Prevent Skin Cancer With Sunscreen Use
Skin cancer occurs more often than all other types of cancer combined. There are three common types of skin cancer. The most common type, basal cell carcinoma, will be diagnosed in Americans 2-3 million times in 2013. The second is squamous cell carcinoma, which will occur 250,000-500,000 times in this country this year. The least common but most serious type of skin cancer is malignant melanoma. Approximately 80,000 new cases will be identified in the U.S. in 2013, resulting in around 9,000 deaths.
“No doubt these are alarming statistics, but skin cancer is preventable,” said Dr. David Shupp, dermatologist at Penn State Hershey Medical Group in State College, Pa. “The overwhelming majority of all types of skin cancer are caused by ultraviolet radiation, invisible rays that are emitted by the sun and tanning beds. UV rays have been proven to be as cancer-producing as cigarette smoke and nuclear radiation.”
Detection of skin cancer starts with having some idea what to look for on your skin. This includes watching for a new red or pearly spot (especially on scalp, face, ears, neck and hands) that does not heal or go away and may bleed or be tender to the touch.
Tips for preventing skin cancer:
- Sun protection and strict avoidance of tanning bed use are essential. Recent data reveals a 20 percent increase in the risk of developing melanoma with just one visit to a tanning bed. Sunburns, especially with blisters, also are damaging and dramatically increase the risk of skin cancer.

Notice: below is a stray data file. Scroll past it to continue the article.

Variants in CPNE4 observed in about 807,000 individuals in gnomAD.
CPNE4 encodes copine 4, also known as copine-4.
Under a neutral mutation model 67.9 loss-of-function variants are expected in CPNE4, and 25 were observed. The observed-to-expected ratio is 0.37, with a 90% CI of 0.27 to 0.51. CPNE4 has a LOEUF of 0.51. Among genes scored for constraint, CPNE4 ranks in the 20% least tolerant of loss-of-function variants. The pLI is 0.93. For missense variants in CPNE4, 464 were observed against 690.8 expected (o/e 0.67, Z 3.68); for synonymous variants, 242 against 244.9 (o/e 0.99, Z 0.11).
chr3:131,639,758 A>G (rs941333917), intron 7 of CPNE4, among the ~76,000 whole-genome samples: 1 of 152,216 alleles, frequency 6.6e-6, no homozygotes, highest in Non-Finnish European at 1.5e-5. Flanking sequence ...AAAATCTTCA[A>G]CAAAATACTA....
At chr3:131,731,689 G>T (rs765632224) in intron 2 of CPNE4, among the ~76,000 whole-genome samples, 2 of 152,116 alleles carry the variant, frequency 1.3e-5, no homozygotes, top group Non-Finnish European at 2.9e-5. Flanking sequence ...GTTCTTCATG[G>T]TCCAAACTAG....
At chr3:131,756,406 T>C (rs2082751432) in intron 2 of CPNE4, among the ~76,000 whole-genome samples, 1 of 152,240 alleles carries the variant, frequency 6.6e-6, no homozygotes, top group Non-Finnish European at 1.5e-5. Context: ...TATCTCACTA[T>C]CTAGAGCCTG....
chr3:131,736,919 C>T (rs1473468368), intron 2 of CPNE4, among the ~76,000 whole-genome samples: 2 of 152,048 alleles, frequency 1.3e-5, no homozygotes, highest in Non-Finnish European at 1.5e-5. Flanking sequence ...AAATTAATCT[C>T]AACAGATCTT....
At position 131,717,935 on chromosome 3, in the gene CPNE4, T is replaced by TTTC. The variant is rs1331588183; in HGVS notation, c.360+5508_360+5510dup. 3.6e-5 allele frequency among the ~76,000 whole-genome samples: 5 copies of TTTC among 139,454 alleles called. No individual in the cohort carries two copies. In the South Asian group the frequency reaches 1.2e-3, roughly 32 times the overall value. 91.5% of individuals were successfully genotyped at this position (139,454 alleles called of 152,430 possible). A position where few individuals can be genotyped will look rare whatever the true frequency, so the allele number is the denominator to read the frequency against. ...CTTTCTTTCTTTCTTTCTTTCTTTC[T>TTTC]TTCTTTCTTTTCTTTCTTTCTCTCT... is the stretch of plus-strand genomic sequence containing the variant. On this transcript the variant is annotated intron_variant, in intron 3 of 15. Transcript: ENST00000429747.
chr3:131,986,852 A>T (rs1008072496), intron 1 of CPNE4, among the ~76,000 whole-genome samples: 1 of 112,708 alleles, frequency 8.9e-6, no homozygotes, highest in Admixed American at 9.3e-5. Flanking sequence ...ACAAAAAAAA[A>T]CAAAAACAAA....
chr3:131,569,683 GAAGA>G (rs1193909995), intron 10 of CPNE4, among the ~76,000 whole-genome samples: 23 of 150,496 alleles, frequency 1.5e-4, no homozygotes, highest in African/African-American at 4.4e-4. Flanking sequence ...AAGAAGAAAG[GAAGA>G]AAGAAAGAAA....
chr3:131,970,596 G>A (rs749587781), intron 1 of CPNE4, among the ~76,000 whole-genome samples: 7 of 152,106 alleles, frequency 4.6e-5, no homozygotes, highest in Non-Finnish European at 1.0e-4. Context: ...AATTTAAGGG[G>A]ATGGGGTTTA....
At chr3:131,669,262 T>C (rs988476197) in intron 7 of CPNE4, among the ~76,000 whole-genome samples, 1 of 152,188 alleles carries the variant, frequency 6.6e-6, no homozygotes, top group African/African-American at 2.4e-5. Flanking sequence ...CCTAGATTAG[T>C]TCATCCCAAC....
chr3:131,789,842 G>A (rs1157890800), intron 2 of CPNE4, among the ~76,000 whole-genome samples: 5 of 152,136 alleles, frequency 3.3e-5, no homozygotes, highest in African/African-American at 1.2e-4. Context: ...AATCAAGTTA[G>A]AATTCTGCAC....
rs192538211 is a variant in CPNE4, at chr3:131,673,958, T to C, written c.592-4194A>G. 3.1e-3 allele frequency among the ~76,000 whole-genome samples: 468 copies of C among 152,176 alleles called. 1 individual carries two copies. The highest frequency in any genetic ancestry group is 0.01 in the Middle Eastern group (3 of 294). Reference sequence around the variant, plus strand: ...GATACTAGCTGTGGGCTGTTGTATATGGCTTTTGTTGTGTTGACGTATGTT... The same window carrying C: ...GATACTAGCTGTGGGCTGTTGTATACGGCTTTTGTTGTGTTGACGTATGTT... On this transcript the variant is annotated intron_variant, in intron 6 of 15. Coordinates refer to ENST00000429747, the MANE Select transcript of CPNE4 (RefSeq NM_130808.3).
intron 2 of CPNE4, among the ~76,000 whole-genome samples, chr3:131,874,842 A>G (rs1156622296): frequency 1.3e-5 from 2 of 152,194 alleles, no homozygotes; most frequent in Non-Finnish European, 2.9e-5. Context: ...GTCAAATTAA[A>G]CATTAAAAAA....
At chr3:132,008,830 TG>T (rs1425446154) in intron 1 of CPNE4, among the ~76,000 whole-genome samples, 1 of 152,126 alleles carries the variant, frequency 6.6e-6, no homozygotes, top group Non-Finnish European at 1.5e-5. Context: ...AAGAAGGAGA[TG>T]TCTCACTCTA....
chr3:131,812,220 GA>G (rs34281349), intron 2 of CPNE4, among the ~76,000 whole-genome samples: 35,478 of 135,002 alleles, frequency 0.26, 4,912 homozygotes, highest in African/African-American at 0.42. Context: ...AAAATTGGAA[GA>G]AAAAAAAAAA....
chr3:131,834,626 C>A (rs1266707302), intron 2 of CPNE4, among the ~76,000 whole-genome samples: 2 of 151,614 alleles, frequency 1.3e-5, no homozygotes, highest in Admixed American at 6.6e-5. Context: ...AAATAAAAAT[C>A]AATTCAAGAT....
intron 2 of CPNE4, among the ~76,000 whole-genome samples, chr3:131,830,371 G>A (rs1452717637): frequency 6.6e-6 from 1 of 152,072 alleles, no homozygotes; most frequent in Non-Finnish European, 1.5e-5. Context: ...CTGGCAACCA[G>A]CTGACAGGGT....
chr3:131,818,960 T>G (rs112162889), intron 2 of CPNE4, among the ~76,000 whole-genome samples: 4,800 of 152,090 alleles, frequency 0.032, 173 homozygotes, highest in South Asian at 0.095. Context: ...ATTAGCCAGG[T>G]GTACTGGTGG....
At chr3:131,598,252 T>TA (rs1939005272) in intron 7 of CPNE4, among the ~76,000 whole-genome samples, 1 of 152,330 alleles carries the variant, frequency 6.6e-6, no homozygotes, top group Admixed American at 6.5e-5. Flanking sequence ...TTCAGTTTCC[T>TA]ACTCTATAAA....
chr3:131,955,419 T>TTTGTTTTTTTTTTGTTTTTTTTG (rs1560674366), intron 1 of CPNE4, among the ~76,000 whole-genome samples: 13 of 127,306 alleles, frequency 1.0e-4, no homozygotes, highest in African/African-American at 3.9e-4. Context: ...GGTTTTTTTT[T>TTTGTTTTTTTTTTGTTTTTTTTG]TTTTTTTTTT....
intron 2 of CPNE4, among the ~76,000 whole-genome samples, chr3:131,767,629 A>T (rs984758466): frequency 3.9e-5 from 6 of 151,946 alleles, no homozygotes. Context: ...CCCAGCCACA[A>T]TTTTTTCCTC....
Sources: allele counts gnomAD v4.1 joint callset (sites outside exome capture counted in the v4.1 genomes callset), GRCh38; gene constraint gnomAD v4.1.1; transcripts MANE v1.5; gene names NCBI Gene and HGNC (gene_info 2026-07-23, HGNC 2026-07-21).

- Sunscreen should be applied to all exposed skin before going out in the sun and should be reapplied every several hours, especially if the skin becomes wet from swimming or sweating.
- Sunscreen should be labeled as broad spectrum and possess a sun protection factor (SPF) of 30 or higher.
- Wear protective clothing and seek shade when in bright sunshine.
- If possible, adjust outside activities to minimize time spent outdoors during the intense sun of mid-day.
“Contrary to what some believe, sunscreen will not increase the risk of skin cancer,” said Shupp. “However, improper use of sunscreen, such as not applying enough or failure to reapply, may lead to a false sense of security and cause additional damage to those exposed to the sun.”
SPF ratings are based on minimal erythema dosing (MED). This refers to the minimal amount of sunlight causing redness of the skin, a clear sign of early sunburn. SPF numbers represent the multiple of the MED. In other words, an SPF of 30 increases the time or amount of sunlight that would induce a sunburn by a factor of 30. For example, if a fair-skinned individual starts to burn after 10 minutes of sun exposure, SPF 30 sunscreen would protect his or her skin for 30 times 10 minutes, or 300 minutes.
Article by Penn State Milton S. Hershey Medical Center